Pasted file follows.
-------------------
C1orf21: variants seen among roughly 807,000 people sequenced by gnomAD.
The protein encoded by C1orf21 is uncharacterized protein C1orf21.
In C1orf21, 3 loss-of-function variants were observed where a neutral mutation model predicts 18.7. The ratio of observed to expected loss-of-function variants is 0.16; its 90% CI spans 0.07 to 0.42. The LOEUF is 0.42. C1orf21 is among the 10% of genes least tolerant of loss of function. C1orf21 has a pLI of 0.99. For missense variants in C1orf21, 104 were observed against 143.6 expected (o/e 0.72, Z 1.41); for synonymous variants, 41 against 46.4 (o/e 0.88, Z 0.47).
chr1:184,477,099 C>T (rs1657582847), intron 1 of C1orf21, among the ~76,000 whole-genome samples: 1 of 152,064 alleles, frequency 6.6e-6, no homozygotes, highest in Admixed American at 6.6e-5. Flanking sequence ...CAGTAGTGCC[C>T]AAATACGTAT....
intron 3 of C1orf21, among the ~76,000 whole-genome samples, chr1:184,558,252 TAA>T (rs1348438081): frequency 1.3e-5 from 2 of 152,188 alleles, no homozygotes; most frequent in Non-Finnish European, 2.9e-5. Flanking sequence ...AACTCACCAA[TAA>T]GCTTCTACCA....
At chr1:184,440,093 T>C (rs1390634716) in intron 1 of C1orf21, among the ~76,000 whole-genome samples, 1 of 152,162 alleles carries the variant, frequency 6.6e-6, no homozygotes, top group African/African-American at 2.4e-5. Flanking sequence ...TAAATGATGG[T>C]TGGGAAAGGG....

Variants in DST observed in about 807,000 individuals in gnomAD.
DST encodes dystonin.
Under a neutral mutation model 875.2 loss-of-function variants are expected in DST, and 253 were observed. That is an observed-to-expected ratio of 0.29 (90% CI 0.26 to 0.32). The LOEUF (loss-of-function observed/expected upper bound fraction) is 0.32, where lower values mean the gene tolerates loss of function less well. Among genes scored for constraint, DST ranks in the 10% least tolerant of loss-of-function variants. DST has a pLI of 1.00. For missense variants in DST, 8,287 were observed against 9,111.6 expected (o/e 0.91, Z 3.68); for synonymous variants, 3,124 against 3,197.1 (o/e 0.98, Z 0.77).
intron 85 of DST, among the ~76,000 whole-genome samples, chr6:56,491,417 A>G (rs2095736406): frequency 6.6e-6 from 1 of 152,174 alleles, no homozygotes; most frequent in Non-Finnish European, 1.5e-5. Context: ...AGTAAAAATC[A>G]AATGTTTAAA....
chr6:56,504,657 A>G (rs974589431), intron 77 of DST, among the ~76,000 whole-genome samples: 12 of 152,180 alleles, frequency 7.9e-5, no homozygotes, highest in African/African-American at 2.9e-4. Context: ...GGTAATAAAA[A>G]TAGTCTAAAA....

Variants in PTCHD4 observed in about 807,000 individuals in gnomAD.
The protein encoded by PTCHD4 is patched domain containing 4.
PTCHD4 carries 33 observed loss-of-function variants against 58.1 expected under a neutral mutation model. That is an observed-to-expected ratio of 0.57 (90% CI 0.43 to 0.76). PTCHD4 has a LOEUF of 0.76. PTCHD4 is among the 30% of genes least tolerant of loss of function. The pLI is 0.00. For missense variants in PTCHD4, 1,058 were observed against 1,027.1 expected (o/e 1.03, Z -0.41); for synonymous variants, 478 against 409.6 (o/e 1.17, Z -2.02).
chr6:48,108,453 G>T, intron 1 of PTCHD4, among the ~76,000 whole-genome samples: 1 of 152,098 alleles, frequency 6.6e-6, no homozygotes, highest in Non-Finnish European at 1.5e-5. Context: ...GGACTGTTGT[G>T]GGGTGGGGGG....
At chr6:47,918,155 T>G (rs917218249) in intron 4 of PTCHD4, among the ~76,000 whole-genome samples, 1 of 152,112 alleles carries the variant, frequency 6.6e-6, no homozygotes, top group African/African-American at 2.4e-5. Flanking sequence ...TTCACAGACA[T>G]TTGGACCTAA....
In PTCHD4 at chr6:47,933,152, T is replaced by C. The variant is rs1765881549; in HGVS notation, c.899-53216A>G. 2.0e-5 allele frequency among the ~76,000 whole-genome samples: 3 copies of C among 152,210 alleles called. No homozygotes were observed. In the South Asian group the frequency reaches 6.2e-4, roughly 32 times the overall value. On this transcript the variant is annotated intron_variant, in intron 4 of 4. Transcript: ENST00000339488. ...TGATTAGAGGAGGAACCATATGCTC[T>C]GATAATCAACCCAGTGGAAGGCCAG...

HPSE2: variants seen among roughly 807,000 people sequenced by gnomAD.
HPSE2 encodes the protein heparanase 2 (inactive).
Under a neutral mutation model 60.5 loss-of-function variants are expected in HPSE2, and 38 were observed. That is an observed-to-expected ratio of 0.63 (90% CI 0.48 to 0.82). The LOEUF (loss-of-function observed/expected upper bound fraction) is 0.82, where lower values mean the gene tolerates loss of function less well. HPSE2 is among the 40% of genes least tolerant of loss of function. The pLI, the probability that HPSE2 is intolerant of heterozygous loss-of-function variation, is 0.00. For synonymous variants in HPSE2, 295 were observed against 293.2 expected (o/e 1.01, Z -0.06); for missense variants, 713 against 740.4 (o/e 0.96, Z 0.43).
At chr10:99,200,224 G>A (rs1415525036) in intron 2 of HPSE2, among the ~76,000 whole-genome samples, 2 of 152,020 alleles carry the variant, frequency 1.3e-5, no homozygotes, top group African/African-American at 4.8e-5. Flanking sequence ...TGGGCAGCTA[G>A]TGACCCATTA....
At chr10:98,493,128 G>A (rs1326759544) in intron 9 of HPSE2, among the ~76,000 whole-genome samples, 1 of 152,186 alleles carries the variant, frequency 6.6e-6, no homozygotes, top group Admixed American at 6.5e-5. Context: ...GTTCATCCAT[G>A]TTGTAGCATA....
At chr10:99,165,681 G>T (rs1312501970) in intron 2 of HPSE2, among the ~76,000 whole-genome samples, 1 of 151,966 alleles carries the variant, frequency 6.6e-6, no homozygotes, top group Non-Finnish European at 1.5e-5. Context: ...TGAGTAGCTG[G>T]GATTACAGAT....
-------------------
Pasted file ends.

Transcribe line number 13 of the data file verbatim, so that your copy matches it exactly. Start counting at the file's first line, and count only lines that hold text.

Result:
The protein encoded by PTCHD4 is patched domain containing 4.